Monday, March 8, 2010

Rejection, Rejection, Rejection … (I was hoping that saying it a bunch of times would make it sound less scary. It didn't work.)

Hi there, people. As I mentioned in my last post, I am now going to dedicate an entire post to the idea of REJECTION! And don't run away screaming, because this is important. It's a tough topic, and everyone hates it. But all writers go through it, also––a lot of it. So I'm going to share my experience with rejection, and all my lovely thoughts on it.

So, I believe I mentioned in some post, from like a billion years ago, that some literary agent had requested my manuscript. REJECTED. Since then, another agent requested a partial of my manuscript. ALSO REJECTED.

Now, that's a good 40 or 50 rejections I have, by now. I don't know how "normal" that is. I think it varies for every writer. Some people are rejected 10 times, and some are rejected 100 or more times. You never know. Writing is a tricky business like that.

But whether you get rejected twice or a million billion times––if you are a writer, you're going to experience rejection. So, you have to have a thick skin. If you don't have one, get one. Rejection is hard, of course, but it's not an entirely bad thing. Now, I'm not saying I like rejection. It's not fun. It's very frustrating.

My first piece of advice: allow yourself to have those silly emotional breakdowns. I have one every two months or so. I think that, in a weird way, it's healthy to have those moments where you're like "OH MY GOD! WHAT IF I NEVER GET PUBLISHED? WHAT IF I NEVER BECOME AN AUTHOR? OR WHAT IF I ONLY BECOME AN AUTHOR AFTER I DIE?" I mean, every writer has those moments and it's perfectly fine. I find it sort of motivating, actually. So, when you've suffered rejection after rejection, you don't have to hold it all inside. Rant to somebody. And usually that person will assure you that you do not fail at life, and that you're going to be fine, and that someday you will be published (hopefully before you die). Yes, breakdowns are annoying and embarrassing, but at least, once you come out of them, you feel a little bit better about yourself, because you know you can take the rejection and keep going.

Secondly, don't take rejections personally. Believe it or not, literary agents are human beings too! They have those days when they wake up and think "You know what? I hate today." And maybe that means they're going to reject everyone who queries them that day. It could be that your book just doesn't fit with the agent's personal taste. Plus, these days, when the economy is so messed up, literary agents are especially reluctant to offer representation unless they're REALLY sure the book is going to sell.

Now, I'm reading this book called How to Become a Famous Writer Before You're Dead by Ariel Gore. 'Tis a great book with a lot of good advice. One passage that especially caught my attention was one on rejection. If this doesn't make you feel better about rejection … I don't know what will:

"… Classics famously and repeatedly rejected: War and Peace, The Good Earth, Watership Down, The Tale of Peter Rabbit, The Postman Always Rings Twice, The Fountainhead, To Kill a Mockingbird, Remembrance of Things Past, and Joy of Cooking. Doris Lessing was once rejected by her own publishers when she submitted a novel under a pseudonym. And, in early 2006, the Sunday Times of London took two Booker Prize-winning novels … and submitted them as works by aspiring authors. None of the agents or editors queried recognized the manuscripts as prizewinners … of the twenty-one replies, all but one were rejections. … All this to say that if you get a rejection slip, you're in pretty good company." (p. 187)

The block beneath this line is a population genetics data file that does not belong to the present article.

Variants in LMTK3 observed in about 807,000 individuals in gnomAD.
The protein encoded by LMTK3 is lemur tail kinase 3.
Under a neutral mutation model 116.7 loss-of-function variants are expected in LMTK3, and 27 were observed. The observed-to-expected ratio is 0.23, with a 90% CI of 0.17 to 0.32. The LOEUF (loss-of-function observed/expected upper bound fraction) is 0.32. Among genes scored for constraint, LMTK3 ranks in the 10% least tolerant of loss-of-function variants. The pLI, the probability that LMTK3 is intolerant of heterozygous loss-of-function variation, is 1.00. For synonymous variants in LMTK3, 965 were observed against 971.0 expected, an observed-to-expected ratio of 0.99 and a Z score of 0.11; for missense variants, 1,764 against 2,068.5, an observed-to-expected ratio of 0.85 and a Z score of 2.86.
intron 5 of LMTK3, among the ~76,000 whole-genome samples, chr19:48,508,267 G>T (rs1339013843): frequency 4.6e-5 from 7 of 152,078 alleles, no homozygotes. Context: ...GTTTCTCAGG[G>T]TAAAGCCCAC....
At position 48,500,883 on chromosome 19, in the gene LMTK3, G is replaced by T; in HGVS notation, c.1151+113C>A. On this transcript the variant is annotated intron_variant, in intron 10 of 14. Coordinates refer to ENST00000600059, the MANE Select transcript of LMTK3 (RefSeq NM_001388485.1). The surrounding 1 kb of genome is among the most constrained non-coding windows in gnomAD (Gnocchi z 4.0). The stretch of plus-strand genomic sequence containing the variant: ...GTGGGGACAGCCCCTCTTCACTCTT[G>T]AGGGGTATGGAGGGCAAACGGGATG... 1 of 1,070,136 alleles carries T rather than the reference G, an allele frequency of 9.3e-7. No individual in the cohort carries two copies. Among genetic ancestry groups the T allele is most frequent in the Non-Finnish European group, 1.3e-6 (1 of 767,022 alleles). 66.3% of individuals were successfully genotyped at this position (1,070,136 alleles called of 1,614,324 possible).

So, there you have it. Just because your book gets rejected doesn't mean that it sucks. It could be amazing prize-worthy material. You just have to wait for your lucky day. Because a lot of getting published has to do with luck. Yes, of course it helps to have an awesome query letter/synopsis/excerpt/etc. But like I said, literary agents have moods and such. So it depends on a lot of things that are beyond your control––which is aggravating, I know.

But the thing is, you gotta keep trying. Odds are, one out of the a million literary agents in the world is going to want to represent your novel. Just keep sending out those queries like there's no tomorrow. And keep revising your query, too; ask friends/family for feedback. In the meantime, try to get some recognition. Try publishing some short stories, or entering contests, or starting a blog (wooo!). That way you'll have more to brag about in your query letters. ;)

I strongly recommend checking out this website, Preditors & Editors, which has a great list of agents, publishers, contests, critique groups, etc. and notes on how reliable said agents/publishers/contests/critique groups are. (http://pred-ed.com/)

Personally, I interpret all the rejections I've received as a wake-up call. After getting feedback from a couple agents, I've decided that my book isn't really ready for publishing and needs some revisions first. Maybe your manuscript has been rejected a gazillion times (more or less) and you're starting to feel the same way. No problem. This is another good thing about rejection. When you start off trying to get published, you're sort of in denial … like, "Okay, I am SO done with this book. I've already rewritten it ten times, so I'm just going to get it published and it will be out of the way forever!" Well, of course things can't be that convenient. The more your book gets rejected, and the more it sits around, the more you think about it. And the more you think about it, the more flaws you see in it. And you start thinking, "All right, maybe this means something. Maybe rewriting it a couple times wouldn't hurt …" It's not a good feeling. It's pretty overwhelming. But writing and editing and rewriting and begging for feedback––these are all the painful parts of being an author.